“In Kenya, just like in Korea, it (Harambee) is a traditional principle which existed in every traditional society and has been the bedrock of development.”In this second edition of KCK quarterly newsletter to be published in July 2011, I would like to focus on Harambee and further encourage KCK members to continue with the spirit of Harambee which means ‘pulling resources together.’Harambee, which is synonymous with Korea’s Semaul Udong Movement, is an excellent tool, and philosophy for development.In Kenya, just like in Korea, it is a traditional principle which existed in every traditional society and has been the bedrock of development. Each one of Kenya’s 42 linguistic communities had self-help or co-operative work groups by which groups of women on the one hand, and men on the other organized common work parties.The security and prosperity of the group was therefore dependent upon members being mindful of each other’s welfare. Different names were given to this term in different communities: Kikuyu-Ngwataniro; Luo - Konyri; Luhya — Obwasio; Kamba - Mwethia; Maasai - Ematonyok etc. This is the same concept that led to the formation of KCK as echoed in the declaration in 1963: HARAMBEE. Let us all work harder together for our country Kenya. Harambee is not all about fund raising; it is about the contribution of materials and labor, time and ideas to various projects for the benefit of our community. That is why the name: Kenya Community in Korea is appropriate.KCK members should embrace ‘Harambee’based on three principles. One, bottom up development strategy. This means that all KCK members, as a community, must actively participate in the planning and implementation of all their development projects. Two, participation in all KCK activities should be guided by the principles of collective good and not personal gain. The end product of involvement in KCK activities should therefore benefit the Kenya community in Korea and those back at home, rather than just an individual. Finally, other KCK initiatives should be geared at helping needy and deserving KCK members. Examples include: wedding/bereavement fund raisers, hospital bills, further education locally and abroad, and humanitarian projects both in Korea and Kenya. I call upon all Kenyans in Korea and especially KCK members to embrace this rallying call: ‘Harambee’, and apply it to all their endeavors for greater success.Lastly, I would like to thank all KCK members who participated in the successful Kenya Cultural Day held in Seoul during the month of May, 2011. This event, I am sure, was the start to hosting a Kenya Cultural Week next time round.I wish you a great and productive summer vacation.Kenya year book 2009/10 to promote motherlandThe Kenya Yearbook, is a 1,150 page publication, and an official source of the country’s information covering a wide range of subjects including the country’s history, governance, culture, economy, trade, justice system, tourism, cooperative management, sports, health, education and infrastructure development among others.It is assembled and edited by some of Kenya’s leading journalists, researchers and Government technocrats and puts together an enticing story that was creatively designed and printed.Kenya’s Vice-President Kalonzo Musyoka launched the first ever 2009/10 edition of Kenya year book in Nairobi recently.The authoritative and authentic book apart from acting as a record of events; is very useful to international investors who are seeking investment opportunities in the country.It is a yearly record of what the government has accomplished, as it touches on its policies and plans as reflected in the work of ministries, agencies, departments, state corporations, as well as the private sector and individuals in the development agenda of the country. In the tourism sector, for instance, the book profiles top hotels, game parks, the Nairobi nightlife and the status of Kenya’s major towns.The book also celebrates Kenya’s eminent researchers, educationists, sportsmen and women and musicians.I encourage KCK members to acquire a copy and update themselves so that they can promote our motherland Kenya, especially now that the Daegu city 2011 IAAF World Athletics Championships are around the corner. There will be, no doubt, a lot of interest in Kenya and Kenyans!Kenya Embassy, KCK animates Seoul in cultural eventThe Kenyan Embassy in Seoul organized an impressive Kenya Cultural Day event held on May 21 at Seoul Forest Park attracting a big number of guests from different nationalities. This is the first time the embassy has showcased Kenyan Culture by setting up a day specifically for culture display. At the venue were exhibitions of Kenyan food (chapati, sukuma wiki, mandazi, coffee and tea), artifacts, clothes, beer and musical instruments.KCK dance team from Busan went on stage after a speech by H.E. Ambassador Ngovi Kitau and the day’s guest of honor Hon. Philip Sika, the Permanent Secretary in Ministry of Nairobi Metropolitan Development. In his opening remarks, Hon. Sika re-echoed the purpose of the gathering and encouraged all in attendance to promote Kenya’s culture while here in Korea.KCK Busan team first sung a Kenyan classic welcoming song Jambo Kenya before exciting the crowd with a revised East African fusion of Taunet nelel (a new dawn). In between the song and dance, the group did a skit fashioned out of the song Malaika, a popular classic love song.At the background, almost at all times, was Kenyan music inspiring the hearts of those in attendance. The afternoon session was dominated my “dance floor” activities as Kenyans danced to their familiar tunes particularly from zilizopendwa selections.The Kenyan ambassador led his embassy staff to join in twirling the Kenyan jigs. “I am very impressed, I hope to visit Kenya again someday,” said Ms. Su Kim, Korean student who has been to Kenya. It was indeed a Kenyan day. Patrick Njoroge from Busan hailed the event as an achievement for Kenya-Korea relations.Many guests congratulated the Embassy and the Kenya Community in Korea for making the day a great success.H.E. Ambassador Ngovi Kitau said the day’s accomplishment was “an encouragement for further Kenyan activities in Korea”. Others in attendance were ambassadors of the Republic of South Africa, Rwanda among others.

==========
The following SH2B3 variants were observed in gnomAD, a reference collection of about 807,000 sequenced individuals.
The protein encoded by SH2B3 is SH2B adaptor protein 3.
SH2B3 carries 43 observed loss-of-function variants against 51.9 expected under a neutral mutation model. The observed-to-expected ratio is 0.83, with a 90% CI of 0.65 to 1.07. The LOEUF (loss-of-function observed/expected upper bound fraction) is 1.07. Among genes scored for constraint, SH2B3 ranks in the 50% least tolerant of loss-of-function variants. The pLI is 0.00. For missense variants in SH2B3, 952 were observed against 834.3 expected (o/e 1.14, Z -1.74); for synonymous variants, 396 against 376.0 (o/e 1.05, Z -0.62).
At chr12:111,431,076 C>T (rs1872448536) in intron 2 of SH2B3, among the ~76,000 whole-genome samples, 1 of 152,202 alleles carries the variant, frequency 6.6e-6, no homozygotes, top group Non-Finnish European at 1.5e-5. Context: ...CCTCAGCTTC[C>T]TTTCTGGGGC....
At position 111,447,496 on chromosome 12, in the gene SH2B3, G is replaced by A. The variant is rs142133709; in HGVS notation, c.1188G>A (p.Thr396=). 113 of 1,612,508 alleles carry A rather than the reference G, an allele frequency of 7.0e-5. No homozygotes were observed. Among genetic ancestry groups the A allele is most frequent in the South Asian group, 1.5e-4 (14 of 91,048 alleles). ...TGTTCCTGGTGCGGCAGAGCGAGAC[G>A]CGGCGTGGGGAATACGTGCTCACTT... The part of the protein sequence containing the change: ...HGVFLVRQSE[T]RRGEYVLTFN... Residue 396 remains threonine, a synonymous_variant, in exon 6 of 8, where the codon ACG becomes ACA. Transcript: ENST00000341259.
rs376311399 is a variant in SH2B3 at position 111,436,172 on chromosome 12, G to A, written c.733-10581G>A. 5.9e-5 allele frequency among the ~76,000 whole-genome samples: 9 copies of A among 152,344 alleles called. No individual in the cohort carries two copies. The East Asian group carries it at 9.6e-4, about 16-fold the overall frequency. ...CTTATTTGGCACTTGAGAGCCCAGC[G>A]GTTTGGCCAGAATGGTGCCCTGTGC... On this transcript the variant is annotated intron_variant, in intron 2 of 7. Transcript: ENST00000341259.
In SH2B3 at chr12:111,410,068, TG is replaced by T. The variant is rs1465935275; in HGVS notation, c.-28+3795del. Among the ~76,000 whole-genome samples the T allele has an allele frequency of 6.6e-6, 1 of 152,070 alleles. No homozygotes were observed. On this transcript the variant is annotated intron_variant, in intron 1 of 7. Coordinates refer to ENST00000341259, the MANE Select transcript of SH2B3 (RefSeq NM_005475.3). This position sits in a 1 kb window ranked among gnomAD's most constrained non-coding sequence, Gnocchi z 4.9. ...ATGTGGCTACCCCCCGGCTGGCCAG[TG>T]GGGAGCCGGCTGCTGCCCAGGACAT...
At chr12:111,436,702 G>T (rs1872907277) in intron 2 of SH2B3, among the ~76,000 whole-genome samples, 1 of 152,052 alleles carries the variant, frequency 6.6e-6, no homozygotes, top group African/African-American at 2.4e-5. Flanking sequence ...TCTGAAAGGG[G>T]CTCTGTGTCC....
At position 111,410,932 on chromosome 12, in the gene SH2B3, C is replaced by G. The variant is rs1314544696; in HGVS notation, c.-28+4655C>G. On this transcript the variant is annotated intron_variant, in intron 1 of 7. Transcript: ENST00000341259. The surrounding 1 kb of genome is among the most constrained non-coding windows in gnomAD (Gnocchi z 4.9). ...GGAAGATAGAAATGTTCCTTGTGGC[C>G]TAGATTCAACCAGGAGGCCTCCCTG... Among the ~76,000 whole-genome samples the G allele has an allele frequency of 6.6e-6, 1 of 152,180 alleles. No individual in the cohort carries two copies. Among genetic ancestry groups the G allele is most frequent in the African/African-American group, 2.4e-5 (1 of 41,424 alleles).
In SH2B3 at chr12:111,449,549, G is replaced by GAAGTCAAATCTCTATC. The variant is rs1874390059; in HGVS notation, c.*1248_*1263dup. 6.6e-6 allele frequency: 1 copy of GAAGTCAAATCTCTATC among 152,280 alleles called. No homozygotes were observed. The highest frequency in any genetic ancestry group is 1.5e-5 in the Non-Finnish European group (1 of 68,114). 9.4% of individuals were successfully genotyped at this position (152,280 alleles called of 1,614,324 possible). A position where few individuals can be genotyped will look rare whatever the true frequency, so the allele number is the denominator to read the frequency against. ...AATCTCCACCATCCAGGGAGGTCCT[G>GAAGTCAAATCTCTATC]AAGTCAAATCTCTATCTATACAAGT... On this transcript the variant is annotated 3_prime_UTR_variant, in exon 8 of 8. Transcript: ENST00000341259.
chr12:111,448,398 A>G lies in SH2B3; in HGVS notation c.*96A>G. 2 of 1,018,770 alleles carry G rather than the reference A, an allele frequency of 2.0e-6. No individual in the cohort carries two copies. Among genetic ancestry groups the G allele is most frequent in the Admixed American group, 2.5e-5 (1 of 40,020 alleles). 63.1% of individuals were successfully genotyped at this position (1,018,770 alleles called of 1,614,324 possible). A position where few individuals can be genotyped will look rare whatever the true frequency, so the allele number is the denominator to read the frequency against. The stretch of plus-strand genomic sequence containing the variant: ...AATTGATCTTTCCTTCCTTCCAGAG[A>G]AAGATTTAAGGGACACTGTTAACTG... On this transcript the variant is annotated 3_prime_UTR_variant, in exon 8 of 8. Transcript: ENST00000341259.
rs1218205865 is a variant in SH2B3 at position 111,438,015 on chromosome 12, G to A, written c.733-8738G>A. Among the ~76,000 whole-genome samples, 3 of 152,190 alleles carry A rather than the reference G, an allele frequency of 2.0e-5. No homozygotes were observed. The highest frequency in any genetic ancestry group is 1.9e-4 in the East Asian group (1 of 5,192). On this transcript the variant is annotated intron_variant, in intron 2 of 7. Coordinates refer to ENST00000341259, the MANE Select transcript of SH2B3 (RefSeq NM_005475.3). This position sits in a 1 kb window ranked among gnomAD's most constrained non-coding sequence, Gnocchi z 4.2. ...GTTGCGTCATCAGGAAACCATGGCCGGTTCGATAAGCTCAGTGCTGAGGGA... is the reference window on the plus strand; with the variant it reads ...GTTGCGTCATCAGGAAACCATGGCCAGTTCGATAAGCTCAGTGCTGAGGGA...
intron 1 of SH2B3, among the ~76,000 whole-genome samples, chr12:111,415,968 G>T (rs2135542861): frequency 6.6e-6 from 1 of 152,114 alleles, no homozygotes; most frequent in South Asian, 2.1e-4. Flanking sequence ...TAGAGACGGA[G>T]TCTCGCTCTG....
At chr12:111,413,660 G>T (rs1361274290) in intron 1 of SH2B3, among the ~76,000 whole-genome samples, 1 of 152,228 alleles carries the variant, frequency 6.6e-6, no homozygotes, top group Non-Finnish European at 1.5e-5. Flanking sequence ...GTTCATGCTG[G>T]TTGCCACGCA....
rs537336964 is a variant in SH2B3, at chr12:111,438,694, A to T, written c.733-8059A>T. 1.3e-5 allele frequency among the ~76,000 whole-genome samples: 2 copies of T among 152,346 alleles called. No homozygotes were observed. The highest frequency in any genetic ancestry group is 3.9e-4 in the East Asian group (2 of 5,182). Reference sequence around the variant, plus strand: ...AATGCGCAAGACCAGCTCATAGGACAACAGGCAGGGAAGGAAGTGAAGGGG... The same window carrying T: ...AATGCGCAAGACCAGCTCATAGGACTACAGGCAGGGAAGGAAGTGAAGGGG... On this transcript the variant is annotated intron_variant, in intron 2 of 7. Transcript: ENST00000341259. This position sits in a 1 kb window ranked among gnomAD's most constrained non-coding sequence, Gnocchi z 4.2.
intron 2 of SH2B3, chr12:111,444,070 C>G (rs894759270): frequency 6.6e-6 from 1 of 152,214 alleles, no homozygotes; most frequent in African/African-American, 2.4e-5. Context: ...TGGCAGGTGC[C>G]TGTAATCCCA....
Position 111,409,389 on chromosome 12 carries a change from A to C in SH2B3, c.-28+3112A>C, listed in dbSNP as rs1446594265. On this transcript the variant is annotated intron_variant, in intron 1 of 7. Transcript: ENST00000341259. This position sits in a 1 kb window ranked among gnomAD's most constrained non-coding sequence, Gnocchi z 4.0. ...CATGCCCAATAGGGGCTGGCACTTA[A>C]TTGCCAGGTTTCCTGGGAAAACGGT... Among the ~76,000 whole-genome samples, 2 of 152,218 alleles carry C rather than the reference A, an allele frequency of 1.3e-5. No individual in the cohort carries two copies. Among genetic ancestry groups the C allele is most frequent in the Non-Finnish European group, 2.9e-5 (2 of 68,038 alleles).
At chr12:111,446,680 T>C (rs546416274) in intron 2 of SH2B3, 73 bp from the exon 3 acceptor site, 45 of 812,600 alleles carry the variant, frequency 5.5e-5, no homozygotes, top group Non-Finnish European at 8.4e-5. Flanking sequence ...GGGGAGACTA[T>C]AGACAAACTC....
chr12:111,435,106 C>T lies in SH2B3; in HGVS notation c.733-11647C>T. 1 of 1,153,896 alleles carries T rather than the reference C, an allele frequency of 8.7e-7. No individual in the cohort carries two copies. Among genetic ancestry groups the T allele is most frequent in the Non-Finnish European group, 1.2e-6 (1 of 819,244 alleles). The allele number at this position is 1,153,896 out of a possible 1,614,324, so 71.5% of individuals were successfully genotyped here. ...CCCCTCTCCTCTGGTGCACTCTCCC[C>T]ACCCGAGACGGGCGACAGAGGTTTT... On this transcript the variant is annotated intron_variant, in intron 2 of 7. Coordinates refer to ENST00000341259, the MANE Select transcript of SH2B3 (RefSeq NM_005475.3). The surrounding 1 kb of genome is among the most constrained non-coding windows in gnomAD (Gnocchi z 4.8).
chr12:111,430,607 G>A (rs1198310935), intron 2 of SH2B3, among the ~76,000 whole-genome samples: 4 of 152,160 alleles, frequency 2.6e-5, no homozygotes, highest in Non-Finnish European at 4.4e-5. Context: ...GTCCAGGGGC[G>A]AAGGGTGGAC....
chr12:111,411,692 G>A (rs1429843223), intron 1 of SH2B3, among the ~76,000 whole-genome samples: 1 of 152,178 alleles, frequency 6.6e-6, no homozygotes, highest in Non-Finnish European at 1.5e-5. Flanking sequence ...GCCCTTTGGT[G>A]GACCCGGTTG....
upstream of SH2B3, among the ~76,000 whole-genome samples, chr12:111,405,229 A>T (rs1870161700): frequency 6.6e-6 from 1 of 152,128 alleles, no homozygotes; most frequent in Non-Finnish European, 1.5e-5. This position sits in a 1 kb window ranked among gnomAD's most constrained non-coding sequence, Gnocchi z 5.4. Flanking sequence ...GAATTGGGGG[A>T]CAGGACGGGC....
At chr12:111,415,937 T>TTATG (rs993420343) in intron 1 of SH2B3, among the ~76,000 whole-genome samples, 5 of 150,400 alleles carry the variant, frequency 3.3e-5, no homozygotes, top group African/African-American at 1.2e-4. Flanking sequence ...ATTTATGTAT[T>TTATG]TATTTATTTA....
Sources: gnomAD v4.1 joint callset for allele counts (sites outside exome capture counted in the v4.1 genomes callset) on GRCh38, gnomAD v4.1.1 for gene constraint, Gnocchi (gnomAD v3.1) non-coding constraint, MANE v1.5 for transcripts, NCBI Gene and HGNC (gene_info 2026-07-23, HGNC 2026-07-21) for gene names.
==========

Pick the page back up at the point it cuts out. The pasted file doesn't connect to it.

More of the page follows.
|Kenya Ambassador to Seoul Ngovi Kitau at its 47th "Jamhuri Day" celebration in Seoul on Dec. 15, 2010.|